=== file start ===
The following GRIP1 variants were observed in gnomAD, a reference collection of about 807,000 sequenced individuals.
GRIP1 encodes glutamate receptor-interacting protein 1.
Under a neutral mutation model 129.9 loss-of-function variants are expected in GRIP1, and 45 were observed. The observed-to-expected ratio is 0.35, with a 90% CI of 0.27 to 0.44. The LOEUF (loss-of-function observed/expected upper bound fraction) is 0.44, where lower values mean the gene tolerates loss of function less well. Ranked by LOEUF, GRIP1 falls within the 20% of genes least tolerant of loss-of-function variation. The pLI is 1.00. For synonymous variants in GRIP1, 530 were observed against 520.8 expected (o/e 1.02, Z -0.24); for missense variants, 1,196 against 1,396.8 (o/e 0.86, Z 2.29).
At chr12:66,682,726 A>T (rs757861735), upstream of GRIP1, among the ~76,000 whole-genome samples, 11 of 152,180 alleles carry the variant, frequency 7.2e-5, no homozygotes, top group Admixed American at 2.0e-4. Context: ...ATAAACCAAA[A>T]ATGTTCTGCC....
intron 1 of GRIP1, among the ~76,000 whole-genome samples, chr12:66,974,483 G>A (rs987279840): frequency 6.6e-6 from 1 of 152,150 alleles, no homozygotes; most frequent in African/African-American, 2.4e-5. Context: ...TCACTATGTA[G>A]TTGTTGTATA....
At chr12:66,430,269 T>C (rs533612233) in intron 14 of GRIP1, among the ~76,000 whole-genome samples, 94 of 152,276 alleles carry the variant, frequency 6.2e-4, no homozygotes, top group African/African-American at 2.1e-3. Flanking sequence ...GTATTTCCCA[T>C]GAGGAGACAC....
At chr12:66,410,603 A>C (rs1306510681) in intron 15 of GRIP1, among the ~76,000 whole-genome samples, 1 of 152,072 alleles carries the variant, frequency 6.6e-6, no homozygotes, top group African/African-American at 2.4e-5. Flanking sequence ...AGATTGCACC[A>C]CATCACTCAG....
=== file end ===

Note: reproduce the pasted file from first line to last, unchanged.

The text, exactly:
The following GRIP1 variants were observed in gnomAD, a reference collection of about 807,000 sequenced individuals.
GRIP1 encodes glutamate receptor-interacting protein 1.
Under a neutral mutation model 129.9 loss-of-function variants are expected in GRIP1, and 45 were observed. The observed-to-expected ratio is 0.35, with a 90% CI of 0.27 to 0.44. The LOEUF (loss-of-function observed/expected upper bound fraction) is 0.44, where lower values mean the gene tolerates loss of function less well. Ranked by LOEUF, GRIP1 falls within the 20% of genes least tolerant of loss-of-function variation. The pLI is 1.00. For synonymous variants in GRIP1, 530 were observed against 520.8 expected (o/e 1.02, Z -0.24); for missense variants, 1,196 against 1,396.8 (o/e 0.86, Z 2.29).
At chr12:66,682,726 A>T (rs757861735), upstream of GRIP1, among the ~76,000 whole-genome samples, 11 of 152,180 alleles carry the variant, frequency 7.2e-5, no homozygotes, top group Admixed American at 2.0e-4. Context: ...ATAAACCAAA[A>T]ATGTTCTGCC....
intron 1 of GRIP1, among the ~76,000 whole-genome samples, chr12:66,974,483 G>A (rs987279840): frequency 6.6e-6 from 1 of 152,150 alleles, no homozygotes; most frequent in African/African-American, 2.4e-5. Context: ...TCACTATGTA[G>A]TTGTTGTATA....
At chr12:66,430,269 T>C (rs533612233) in intron 14 of GRIP1, among the ~76,000 whole-genome samples, 94 of 152,276 alleles carry the variant, frequency 6.2e-4, no homozygotes, top group African/African-American at 2.1e-3. Flanking sequence ...GTATTTCCCA[T>C]GAGGAGACAC....
At chr12:66,410,603 A>C (rs1306510681) in intron 15 of GRIP1, among the ~76,000 whole-genome samples, 1 of 152,072 alleles carries the variant, frequency 6.6e-6, no homozygotes, top group African/African-American at 2.4e-5. Flanking sequence ...AGATTGCACC[A>C]CATCACTCAG....